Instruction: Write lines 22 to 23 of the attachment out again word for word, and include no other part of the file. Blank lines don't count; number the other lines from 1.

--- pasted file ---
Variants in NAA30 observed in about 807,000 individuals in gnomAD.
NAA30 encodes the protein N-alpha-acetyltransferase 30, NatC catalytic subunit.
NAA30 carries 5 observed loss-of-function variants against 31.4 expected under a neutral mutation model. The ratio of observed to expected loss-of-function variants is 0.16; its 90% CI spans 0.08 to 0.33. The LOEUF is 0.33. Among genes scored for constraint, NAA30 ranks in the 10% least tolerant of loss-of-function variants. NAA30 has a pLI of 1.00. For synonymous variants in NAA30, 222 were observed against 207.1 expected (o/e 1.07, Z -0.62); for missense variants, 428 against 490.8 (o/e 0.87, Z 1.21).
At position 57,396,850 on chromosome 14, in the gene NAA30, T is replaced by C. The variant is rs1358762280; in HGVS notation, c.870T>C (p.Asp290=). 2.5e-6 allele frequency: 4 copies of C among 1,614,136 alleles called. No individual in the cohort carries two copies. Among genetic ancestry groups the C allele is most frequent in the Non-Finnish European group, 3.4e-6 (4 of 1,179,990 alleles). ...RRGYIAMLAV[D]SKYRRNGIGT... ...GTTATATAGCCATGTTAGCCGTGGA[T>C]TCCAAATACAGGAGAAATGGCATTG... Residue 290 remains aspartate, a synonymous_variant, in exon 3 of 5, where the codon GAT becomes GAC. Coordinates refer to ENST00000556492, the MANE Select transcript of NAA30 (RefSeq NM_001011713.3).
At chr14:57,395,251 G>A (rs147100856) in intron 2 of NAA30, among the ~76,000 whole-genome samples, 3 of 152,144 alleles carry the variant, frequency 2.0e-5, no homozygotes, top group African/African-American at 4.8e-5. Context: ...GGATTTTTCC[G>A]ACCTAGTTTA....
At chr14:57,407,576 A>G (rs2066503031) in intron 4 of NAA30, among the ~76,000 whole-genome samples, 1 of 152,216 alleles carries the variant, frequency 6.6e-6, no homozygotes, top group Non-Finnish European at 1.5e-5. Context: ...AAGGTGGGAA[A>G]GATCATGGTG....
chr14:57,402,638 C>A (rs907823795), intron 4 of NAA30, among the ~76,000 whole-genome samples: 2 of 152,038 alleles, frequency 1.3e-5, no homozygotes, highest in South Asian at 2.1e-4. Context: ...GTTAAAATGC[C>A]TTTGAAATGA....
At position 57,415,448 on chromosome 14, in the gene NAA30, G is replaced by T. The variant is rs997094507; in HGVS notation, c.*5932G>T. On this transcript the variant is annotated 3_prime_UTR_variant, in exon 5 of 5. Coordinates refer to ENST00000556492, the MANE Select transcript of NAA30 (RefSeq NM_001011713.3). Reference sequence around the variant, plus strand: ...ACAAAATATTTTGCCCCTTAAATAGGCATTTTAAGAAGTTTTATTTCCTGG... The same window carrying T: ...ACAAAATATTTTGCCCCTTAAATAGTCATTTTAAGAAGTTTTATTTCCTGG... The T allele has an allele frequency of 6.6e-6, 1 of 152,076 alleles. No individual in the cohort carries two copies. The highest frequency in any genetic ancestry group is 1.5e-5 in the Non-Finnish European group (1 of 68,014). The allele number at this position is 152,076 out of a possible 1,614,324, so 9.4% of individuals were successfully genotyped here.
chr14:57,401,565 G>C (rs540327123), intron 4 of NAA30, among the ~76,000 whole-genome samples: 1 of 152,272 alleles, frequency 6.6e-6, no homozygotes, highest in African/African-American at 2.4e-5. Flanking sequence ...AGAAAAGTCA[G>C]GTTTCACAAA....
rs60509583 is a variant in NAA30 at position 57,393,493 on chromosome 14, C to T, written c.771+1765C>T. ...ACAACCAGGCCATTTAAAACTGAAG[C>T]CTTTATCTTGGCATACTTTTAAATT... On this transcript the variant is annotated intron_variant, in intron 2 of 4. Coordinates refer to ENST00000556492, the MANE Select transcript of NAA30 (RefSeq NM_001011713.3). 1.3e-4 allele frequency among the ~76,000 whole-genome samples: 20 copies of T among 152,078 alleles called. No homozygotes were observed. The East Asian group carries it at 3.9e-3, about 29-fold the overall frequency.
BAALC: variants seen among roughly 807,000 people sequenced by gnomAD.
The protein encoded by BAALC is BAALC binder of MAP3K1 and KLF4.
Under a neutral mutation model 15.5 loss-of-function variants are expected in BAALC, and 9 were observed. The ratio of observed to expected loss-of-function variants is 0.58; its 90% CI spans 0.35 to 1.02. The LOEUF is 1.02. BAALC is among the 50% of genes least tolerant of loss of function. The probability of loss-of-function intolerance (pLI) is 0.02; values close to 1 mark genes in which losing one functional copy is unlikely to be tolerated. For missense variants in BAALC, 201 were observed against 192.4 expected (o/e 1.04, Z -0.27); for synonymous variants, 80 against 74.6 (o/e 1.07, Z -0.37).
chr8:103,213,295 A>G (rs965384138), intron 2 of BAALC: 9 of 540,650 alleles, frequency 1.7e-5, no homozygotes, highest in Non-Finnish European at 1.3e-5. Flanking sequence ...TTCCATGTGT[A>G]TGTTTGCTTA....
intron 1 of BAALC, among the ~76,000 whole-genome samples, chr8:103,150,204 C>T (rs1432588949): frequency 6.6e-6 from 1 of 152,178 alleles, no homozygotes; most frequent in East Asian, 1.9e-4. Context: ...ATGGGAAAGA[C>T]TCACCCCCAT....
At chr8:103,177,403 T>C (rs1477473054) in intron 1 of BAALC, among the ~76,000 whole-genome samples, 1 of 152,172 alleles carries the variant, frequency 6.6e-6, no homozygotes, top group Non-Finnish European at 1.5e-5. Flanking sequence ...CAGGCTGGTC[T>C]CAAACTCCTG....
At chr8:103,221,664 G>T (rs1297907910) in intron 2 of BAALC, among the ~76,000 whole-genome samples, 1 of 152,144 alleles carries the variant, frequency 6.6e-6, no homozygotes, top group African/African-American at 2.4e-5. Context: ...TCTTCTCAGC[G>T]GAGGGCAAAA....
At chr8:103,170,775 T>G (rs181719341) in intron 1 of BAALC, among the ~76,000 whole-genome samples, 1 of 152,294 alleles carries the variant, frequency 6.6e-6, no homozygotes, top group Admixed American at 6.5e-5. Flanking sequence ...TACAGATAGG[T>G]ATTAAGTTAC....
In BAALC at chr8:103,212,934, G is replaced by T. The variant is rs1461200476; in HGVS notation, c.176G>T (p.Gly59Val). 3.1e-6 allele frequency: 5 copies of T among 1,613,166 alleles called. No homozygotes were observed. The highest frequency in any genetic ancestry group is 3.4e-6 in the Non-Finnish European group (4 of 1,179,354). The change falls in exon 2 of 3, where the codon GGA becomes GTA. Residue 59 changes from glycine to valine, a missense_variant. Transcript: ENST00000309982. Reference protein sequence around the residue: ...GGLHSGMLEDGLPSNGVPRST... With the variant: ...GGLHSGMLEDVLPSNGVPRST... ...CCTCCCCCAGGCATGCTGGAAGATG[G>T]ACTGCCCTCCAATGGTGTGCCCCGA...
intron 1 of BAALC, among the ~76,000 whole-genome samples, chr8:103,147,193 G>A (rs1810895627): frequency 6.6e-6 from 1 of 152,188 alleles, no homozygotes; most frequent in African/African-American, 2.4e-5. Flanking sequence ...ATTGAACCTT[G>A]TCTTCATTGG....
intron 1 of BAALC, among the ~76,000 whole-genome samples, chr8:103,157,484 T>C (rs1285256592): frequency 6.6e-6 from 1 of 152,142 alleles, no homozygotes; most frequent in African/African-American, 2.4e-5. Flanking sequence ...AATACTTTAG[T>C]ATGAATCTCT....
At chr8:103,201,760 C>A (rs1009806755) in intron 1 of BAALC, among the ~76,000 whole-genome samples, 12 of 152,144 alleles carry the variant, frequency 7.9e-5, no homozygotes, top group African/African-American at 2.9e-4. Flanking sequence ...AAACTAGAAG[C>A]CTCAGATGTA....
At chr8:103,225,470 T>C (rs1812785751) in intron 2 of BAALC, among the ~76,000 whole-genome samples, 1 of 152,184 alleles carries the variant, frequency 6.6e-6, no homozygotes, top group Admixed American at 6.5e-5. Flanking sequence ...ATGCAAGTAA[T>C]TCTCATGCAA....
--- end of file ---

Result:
At chr8:103,201,760 C>A (rs1009806755) in intron 1 of BAALC, among the ~76,000 whole-genome samples, 12 of 152,144 alleles carry the variant, frequency 7.9e-5, no homozygotes, top group African/African-American at 2.9e-4. Flanking sequence ...AAACTAGAAG[C>A]CTCAGATGTA....
At chr8:103,225,470 T>C (rs1812785751) in intron 2 of BAALC, among the ~76,000 whole-genome samples, 1 of 152,184 alleles carries the variant, frequency 6.6e-6, no homozygotes, top group Admixed American at 6.5e-5. Flanking sequence ...ATGCAAGTAA[T>C]TCTCATGCAA....